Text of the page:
Forage: A Black and White (masked) Affair

Posted on March 4, 2014 by


DSC_0662 copyDon your disguise.

Before the temperatures dropped and the snow blew in, a group of thirty masked patrons made their way to the Woolly Mammoth for an evening shrouded in mystery.

Forage’s latest dinner series was a Black and White Masquerade, with savory bites by Megan Kiernan and signature Potter’s Craft Cider cocktails by Justin Stone. The forage duo transformed faces, spaces, and palettes for their 7th dinner series, ever innovating the concept of a foraged dinner.

Stay tuned for what forage will come up with next!

A Q&A with Megan Kiernan

Woolly Mammoth is such a unique space. How was the decor for this theme brought to life in the space? Talk about inspiration and all those crafty, thrifted pieces that make forage so magical.


In creating the mood of the Black and White Masquerade, I wanted it to feel both decadent and dark.

With this in mind, gold seemed the obvious choice. I had a number of brass vases and camels that we had used as decor in the Moroccan dinner that we were able to repurpose. I found additional brass candelabras, animals, and vases at my favorite haunts – Sprouse’s, Stuarts Draft Antique Mall, A&W Antiques and the Salvation Army. We used all these small brass items as table runners. In addition to brass objects, I searched the woods for limbs whose structure had aesthetic appeal, and we spray painted them gold. From those we hung crystals and gold birds to create a natural chandelier effect.

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Finally, outside of Woolly Mammoth are a number of boxwood bushes. We plucked some branches from them and spray painted them gold. Those we used as accents around the space and as a garnish on the plates for the hors d’oeuvres.

I love the industrial/warehouse feel of Woolly Mammoth. Juxtaposing the brass objects and gold accenting with the the exposed steel and pipes created the perfect air of ominous mystery for the Black and White Masquerade.


Talk about the foraged menu. What local businesses, farms, and fields contributed? And how did the theme “masquerade” play into the menu items?


Creating a menu for the masquerade theme was more difficult than previous dinners. I did not want to reference any specific regional masquerades (Mardi Gras, Venetian  or the like). Instead, I played with the idea of taking a single ingredient and preparing it in two very different manners – essentially putting it in two different masks.


For the first course I used sweet potatoes that I purchases from the Local Food Hub, and I included a Berbere spice blend that I love and get from The Spice Diva. For the main course, I chose pork as the masked ingredient – and I used pork belly from Free Union Grass Farm and pork shoulder from Double H Farm. Other local businesses that I sourced from include Madison River Trout, Feast, and Grand Market.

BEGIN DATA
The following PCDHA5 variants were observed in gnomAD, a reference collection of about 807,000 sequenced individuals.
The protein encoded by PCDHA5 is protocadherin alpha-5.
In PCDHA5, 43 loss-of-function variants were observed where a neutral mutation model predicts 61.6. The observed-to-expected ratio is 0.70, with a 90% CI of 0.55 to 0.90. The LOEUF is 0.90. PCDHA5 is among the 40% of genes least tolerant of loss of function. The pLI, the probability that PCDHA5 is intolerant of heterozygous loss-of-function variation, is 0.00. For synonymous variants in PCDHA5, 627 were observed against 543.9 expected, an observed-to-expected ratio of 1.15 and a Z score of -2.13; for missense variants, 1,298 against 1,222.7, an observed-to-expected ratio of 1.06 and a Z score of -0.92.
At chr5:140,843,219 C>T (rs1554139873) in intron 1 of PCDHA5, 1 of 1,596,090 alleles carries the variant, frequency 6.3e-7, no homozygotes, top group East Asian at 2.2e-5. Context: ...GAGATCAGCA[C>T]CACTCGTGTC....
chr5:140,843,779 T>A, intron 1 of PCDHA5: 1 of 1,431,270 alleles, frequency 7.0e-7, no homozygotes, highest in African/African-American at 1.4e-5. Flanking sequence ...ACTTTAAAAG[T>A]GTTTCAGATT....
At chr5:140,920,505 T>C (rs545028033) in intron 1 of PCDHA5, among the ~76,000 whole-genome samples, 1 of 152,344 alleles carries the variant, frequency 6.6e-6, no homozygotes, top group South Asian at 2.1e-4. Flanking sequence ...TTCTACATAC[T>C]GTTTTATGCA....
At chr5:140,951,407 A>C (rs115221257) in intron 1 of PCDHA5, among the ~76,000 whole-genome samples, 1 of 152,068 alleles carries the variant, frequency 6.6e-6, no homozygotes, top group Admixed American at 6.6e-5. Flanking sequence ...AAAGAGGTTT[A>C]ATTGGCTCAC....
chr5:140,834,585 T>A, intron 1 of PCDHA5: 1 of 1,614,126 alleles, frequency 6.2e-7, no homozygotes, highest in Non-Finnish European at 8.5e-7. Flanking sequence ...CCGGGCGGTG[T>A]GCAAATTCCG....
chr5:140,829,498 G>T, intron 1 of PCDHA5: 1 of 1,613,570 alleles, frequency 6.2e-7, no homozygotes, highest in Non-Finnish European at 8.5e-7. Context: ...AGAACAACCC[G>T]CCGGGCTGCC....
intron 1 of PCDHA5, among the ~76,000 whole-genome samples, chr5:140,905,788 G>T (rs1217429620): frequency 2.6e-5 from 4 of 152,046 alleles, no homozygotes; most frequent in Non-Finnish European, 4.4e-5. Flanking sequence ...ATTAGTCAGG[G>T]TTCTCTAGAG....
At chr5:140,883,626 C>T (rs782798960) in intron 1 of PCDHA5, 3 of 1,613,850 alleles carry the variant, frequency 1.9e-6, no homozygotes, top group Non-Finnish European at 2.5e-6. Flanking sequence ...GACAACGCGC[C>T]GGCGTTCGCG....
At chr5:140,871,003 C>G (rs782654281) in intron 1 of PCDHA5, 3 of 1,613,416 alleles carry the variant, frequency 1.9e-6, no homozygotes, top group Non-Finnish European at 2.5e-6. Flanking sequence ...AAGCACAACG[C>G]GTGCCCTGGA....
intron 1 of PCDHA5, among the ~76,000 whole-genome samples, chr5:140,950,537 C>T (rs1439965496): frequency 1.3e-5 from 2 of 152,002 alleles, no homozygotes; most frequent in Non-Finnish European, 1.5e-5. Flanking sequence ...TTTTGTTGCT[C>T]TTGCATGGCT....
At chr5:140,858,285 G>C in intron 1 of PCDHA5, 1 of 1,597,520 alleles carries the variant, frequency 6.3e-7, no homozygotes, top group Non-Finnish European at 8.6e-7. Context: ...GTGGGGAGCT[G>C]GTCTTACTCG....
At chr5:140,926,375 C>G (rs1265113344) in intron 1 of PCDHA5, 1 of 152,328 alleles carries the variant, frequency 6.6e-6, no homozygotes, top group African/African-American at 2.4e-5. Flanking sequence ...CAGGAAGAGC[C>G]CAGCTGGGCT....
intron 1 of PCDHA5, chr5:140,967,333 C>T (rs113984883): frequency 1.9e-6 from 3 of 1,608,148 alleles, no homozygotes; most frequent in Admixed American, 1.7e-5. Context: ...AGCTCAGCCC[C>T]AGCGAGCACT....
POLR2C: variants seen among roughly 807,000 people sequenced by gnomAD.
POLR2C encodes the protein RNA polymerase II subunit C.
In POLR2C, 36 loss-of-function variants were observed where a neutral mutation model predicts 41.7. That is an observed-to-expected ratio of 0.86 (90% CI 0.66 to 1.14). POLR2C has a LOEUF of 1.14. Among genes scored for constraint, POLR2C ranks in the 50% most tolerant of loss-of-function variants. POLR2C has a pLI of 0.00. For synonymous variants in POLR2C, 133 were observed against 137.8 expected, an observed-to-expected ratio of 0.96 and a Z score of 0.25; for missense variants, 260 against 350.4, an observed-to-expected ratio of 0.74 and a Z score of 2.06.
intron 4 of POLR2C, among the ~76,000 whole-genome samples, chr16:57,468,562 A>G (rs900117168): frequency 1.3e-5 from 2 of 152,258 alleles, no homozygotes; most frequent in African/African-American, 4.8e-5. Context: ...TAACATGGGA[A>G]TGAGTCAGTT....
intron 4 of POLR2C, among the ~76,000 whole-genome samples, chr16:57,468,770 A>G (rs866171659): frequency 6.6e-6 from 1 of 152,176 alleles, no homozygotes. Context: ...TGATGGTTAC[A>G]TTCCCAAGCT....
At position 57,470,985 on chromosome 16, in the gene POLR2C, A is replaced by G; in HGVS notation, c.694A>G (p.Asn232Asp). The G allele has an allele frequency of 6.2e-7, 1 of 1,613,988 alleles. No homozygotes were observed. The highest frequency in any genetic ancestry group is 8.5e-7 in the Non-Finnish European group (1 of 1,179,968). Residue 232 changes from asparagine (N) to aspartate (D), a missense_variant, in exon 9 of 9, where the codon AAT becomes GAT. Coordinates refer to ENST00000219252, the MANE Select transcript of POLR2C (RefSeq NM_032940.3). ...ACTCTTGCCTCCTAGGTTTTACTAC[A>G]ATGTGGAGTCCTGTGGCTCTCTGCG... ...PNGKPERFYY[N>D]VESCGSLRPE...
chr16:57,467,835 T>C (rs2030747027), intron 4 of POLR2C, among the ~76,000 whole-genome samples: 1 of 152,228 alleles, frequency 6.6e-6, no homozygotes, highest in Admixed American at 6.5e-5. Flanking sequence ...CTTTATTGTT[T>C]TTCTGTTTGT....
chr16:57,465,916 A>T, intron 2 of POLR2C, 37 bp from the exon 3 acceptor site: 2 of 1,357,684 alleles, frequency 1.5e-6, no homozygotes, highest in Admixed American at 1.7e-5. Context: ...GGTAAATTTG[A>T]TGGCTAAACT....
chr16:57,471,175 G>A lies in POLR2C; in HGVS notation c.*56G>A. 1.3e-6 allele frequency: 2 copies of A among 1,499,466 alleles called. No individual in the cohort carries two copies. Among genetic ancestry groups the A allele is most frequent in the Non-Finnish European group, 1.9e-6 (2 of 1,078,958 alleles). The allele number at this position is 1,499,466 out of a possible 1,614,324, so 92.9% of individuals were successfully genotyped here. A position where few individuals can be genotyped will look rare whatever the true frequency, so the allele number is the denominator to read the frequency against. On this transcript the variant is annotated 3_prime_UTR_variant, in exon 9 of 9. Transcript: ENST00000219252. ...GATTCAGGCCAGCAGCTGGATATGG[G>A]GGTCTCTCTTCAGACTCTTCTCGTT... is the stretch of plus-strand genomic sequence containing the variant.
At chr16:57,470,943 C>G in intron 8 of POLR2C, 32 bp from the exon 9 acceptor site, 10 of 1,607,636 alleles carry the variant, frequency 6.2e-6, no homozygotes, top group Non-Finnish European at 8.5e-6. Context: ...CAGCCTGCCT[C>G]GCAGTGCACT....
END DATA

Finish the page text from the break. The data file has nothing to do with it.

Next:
Foraged elements are harder to come by this time of year, but I had wineberries that we had picked last summer and frozen that I was able to use on the dessert. In addition, for the final two dinners, I served a wild watercress salad with the smoked pork belly and parmesan pudding for the entree.


How has a new, in-town location expanded the possibilities for the dinner series? Can guests expect more of this, or a cozy outdoor fête back on Blenheim Road? Or both?!

We’ve had fun taking Forage on the road. Ultimately, I’d like to try a number of different locations around town and out in the country.

Talk about the DIY mask-making. What forage elements did you use in this process? What are some basic mask-making tools and supplies to make your own masquerade disguise?

My mom and I had many a mask making session in the weeks leading up to the dinners.

I purchased basic paper masks from Michaels. We gathered around her dining room table with glue guns, acrylic paint, used cardboard boxes, spray paint, and all the natural elements we had gathered from our walks. The card board we used to add horns and beaks to the various masks. We took leaves and feathers that we had found and spray painted them gold or black to use as head pieces for the masks.


One mask was made entirely of layered wasp hives, another layered turkey feathers, and another with layered birch bark. Others did not have foraged elements, but referenced wild life, like fox faces or butterfly wings.

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Words by Linnea White
Photography by Shannon Gillen and Kristen Finn

Posted in: food, quirky